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Logos Review: New to Logos 5 (pt. 2)

Logos Review: New to Logos 5 (pt. 2)

In the introduction to this review I mentioned that a basic version of Logos 5 is free for some users. Having recently updated to this free version (from Logos 4), I want to comment on some of the features new to version 5. Note that these features should be available in all versions of Logos 5.

A general observation, to begin: I anticipate these new features will be most helpful to pastors, students, and lay persons, while advanced students and certainly scholars will have the skills and resources to get at the information through other/better means.

Topic Guide. A “quick and dirty” search for digging into a topic. It will return results from any dictionaries/encyclopedias in your library, suggest similar topics, and link to some other resources such as illustrations for use in a PowerPoint or the Bible Facts (another new feature) which brings together various resources on certain topics.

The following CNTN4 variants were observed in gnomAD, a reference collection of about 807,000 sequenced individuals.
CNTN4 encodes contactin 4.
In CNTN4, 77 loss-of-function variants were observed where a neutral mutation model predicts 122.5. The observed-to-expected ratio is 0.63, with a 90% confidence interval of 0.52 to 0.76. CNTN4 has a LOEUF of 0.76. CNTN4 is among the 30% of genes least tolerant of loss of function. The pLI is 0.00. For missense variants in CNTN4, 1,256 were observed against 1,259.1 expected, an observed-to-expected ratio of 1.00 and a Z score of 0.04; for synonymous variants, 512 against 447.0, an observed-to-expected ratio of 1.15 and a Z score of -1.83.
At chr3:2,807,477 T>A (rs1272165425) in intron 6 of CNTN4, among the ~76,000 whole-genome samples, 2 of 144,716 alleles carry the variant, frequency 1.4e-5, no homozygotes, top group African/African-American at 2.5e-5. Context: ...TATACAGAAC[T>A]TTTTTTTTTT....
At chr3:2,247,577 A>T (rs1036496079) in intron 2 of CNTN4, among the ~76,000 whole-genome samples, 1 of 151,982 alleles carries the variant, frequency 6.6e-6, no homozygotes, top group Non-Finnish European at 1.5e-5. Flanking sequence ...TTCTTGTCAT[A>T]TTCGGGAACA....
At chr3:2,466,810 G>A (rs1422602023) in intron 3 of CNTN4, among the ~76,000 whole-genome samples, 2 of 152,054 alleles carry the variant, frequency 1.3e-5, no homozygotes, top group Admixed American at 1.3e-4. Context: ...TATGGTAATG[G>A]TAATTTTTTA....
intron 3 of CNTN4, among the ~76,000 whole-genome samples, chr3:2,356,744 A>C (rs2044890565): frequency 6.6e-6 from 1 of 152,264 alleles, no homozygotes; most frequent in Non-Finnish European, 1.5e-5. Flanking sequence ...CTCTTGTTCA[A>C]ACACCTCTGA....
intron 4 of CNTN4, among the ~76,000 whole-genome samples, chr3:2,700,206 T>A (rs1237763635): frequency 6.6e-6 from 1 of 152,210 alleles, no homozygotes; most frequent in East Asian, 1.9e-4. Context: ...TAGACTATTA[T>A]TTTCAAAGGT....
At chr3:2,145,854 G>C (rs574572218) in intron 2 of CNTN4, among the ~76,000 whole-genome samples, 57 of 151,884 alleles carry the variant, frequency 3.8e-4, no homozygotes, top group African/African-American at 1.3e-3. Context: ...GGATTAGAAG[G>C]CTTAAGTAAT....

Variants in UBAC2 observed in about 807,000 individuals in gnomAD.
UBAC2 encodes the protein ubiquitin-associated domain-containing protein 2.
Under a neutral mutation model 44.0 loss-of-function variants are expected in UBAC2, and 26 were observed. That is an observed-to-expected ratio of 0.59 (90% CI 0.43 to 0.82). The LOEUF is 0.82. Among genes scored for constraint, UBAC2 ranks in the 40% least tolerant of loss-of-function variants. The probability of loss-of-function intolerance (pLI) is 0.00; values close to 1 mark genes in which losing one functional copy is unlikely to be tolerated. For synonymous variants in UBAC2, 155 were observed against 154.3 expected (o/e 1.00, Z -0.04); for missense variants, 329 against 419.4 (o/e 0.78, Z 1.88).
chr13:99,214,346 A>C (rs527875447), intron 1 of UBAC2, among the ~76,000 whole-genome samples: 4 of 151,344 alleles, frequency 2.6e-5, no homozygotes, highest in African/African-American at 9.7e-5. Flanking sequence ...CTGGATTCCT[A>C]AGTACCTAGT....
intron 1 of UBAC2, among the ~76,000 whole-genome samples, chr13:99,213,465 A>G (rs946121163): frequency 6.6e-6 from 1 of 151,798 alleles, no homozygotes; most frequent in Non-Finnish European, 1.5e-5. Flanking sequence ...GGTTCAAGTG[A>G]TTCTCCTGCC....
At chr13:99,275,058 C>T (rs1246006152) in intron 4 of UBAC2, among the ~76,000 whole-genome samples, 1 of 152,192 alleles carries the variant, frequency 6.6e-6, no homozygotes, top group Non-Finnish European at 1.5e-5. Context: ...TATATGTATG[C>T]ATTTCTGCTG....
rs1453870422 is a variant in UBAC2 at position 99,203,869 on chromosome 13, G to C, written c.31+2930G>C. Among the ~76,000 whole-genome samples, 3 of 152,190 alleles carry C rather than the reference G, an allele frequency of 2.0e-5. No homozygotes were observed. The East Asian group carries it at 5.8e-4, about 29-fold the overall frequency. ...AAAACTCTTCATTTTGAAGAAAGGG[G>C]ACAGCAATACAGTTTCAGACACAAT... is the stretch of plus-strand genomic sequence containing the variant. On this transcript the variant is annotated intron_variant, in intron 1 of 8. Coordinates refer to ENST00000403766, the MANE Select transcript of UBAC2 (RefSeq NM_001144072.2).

Sermon Starter. This is similar to the Topic Guide, but the results it returns include resources often used in the preparation of a sermon (e.g., outlines, media, commentaries, illustrations, images designed for PowerPoint [specific to your passage or topic], links to related sermon text and audio.

I am not fond of the links to other sermons since, with all respect to those authors/speakers represented, they do not necessarily reflect diligent study and work on the texts.

Clause Search. This is a Bible search that can handle multiple terms with specific tags such as “verb” and “subject.” Searches for “God” as the subject will also return instances where God is speaking as subject, even where the noun “God” does not appear.

Timeline Upgrade. Bigger and better.

Bible Sense Lexicon. This is a sort of ‘smart’ lexicon that can especially help students or pastors who do not know the original languages understand an original word or phrase, as well as the significance of its syntax in the original sentence. I should note, however, that there is no equal substitute for knowing the original languages and, therefore, being able to use the best tools and commentaries available. One can also search a specific sense of a word (e.g., where ‘hand’ refers to power in the OT). Here’s a demonstration:

In the next post, I’ll be more specific about the features of Logos I find most beneficial for my work.

Part 1. Part 2. Part 3.

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